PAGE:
Lab8SteelsS07-4 - Laboratory 8 Steels Tailoring Properties...

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Laboratory 8 Steels: Tailoring Properties Through Heat Treatment Goal: To tailor the mechanical properties of plain carbon steels through proper thermal processing (i.e., “heat treatment”) such as slow cooling in air, water quenching, and tempering. Learning Objectives: 1. Use the numerical classification system of steels (e.g., 1018). 2. Describe the range of mechanical properties such as hardness (strength) that can be exhibited by steels. 3. List the different phases that occur in steels using the Fe-C phase diagram and describe each phase. 4. List the eutectoid reaction that takes place in the Fe-C system. 5. Use isothermal transformation (IT) diagrams and phase diagrams to predict the microstructures that result from the transformation of austenite by quenching or slow cooling steels. 6. Discuss how martensite and tempered martensite are formed. 7. Measure the relative strengths of plain carbon steels based on the carbon content and cooling rate. This is a challenging lab. What follows in the write-up will make the most sense if you read it slowly . Taking a few notes would be a good idea. If you simply “breeze” through the write-up, it has the possibility of making virtually no sense. Taking your time will pay off in a meaningful lab i Caution! MatE 215 Lab 8: Heat Treatment of Steels (Spring 07) Page 1 of 18
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What Is The Big Deal About Steel? For many engineering applications steel is the number one material for the job. Steel is so popular because the properties can vary so widely depending on alloy content and heat treatment. Heat treatment is simply controlled heating and cooling – an example of processing . Steel can be hard and brittle, soft and ductile, or anywhere in between. The name “steel” implies a mixture of iron (majority element) with other elements (minority elements, or alloying elements). The major alloying element in steel is carbon. Most steels contain small amounts of carbon, usually less than 1 weight percent (wt.%). Steel = Fe + C (usually < 1 wt.%C) The mechanical properties of steel are directly attributable to how the phases are distributed within the steel. In addition, how different phases are arranged makes up the microstructure , which also plays a role in properties. As with everything in materials engineering: structure controls properties, and the structure we refer to here is going to be the microstructure of the steel. Steels have their own special classification system that is used widely in industry. Using this classification system for steels is important. The American Iron and Steel Institute (AISI) designation usually has four digits: the first two represent the major alloying elements in the steel, and the last two digits indicate the carbon content in hundredths of a percent. For example, plain carbon steels have the label of 10xx, while 43xx represent nickel-chromium-molybdenum alloy steels. A 1018 steel would be iron with 0.18 wt.% carbon. Our lab only deals with plain carbon steels: 1018, 1050, and 1095. These steels contain only Fe + C.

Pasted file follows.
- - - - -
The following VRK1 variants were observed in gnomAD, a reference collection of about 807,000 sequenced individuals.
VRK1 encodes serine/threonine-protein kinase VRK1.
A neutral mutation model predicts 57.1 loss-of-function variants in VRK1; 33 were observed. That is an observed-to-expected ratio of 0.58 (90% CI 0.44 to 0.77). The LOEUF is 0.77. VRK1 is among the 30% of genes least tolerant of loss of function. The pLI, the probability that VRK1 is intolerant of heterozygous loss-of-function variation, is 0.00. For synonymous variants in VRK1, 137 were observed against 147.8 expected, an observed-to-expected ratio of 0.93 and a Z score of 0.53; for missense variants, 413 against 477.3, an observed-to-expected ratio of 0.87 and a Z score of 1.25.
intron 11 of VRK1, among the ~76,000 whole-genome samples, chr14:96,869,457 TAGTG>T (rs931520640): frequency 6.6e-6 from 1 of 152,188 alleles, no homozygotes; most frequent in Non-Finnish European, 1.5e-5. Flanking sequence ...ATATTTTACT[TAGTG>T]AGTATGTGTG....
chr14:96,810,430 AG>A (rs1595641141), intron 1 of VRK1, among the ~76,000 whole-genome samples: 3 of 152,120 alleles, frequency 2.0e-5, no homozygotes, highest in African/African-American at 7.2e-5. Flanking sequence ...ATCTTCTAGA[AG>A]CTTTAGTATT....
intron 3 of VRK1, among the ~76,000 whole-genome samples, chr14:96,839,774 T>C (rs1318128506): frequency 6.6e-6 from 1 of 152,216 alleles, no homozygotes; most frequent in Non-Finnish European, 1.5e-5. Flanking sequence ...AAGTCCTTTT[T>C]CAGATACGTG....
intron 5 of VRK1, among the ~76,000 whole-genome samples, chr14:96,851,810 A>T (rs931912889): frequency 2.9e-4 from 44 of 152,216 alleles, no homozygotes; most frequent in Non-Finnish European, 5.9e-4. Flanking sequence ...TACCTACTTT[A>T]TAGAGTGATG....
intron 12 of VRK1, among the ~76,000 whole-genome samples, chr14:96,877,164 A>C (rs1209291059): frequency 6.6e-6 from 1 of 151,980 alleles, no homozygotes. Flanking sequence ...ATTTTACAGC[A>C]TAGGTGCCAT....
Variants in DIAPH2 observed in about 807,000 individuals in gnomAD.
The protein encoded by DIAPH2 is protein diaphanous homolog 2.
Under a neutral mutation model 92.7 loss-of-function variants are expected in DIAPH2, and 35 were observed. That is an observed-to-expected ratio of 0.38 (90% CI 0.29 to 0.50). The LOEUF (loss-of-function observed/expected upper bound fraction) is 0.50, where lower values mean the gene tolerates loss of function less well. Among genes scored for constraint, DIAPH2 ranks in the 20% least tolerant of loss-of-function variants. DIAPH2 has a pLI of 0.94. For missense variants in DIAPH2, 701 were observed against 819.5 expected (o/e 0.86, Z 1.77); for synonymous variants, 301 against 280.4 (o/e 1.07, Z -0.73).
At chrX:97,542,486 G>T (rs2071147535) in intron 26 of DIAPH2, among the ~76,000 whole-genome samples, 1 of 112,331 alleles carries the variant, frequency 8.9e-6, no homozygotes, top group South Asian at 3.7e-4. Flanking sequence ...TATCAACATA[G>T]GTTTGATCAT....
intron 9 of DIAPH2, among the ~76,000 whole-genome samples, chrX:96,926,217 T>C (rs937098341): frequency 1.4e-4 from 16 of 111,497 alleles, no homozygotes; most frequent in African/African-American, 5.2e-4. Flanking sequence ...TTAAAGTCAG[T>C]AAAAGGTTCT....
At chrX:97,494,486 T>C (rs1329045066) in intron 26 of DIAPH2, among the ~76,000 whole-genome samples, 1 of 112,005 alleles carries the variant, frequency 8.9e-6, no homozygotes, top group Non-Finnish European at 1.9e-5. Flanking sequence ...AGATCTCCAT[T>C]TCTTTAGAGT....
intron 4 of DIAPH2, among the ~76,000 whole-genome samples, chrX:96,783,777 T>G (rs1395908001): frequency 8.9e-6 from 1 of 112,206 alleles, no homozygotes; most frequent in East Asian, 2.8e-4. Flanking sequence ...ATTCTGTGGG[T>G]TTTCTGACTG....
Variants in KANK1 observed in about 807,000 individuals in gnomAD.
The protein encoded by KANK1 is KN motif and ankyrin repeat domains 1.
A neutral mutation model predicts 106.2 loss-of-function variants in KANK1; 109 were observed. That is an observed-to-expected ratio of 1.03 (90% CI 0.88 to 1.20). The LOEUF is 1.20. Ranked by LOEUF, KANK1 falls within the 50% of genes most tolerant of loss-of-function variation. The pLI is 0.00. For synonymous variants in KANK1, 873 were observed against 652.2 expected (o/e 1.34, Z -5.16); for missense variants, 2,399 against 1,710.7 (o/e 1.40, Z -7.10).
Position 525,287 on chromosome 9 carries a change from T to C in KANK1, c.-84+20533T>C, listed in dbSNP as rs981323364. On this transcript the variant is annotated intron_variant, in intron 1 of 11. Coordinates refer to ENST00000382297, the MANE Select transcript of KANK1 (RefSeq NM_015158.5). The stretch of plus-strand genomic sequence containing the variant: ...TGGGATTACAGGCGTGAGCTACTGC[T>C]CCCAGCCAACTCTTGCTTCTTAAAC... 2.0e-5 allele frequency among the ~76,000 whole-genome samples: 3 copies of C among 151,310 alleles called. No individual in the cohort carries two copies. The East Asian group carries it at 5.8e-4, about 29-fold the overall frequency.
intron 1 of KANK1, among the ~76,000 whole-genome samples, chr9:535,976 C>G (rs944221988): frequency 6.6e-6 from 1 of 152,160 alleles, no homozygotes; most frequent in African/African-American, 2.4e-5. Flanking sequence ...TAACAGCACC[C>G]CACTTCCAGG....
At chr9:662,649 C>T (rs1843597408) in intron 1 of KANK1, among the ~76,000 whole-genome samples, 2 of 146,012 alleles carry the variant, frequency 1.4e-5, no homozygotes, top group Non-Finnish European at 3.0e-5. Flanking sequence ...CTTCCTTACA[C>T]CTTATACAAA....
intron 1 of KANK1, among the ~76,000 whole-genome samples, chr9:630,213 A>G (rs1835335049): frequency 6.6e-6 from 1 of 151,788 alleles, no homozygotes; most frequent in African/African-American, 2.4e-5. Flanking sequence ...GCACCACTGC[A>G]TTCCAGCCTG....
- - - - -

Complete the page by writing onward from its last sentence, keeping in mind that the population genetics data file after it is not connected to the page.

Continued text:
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This note was uploaded on 04/02/2008 for the course MATE 215 taught by Professor Granados during the Spring '07 term at Cal Poly.

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Lab8SteelsS07-4 - Laboratory 8 Steels Tailoring Properties...

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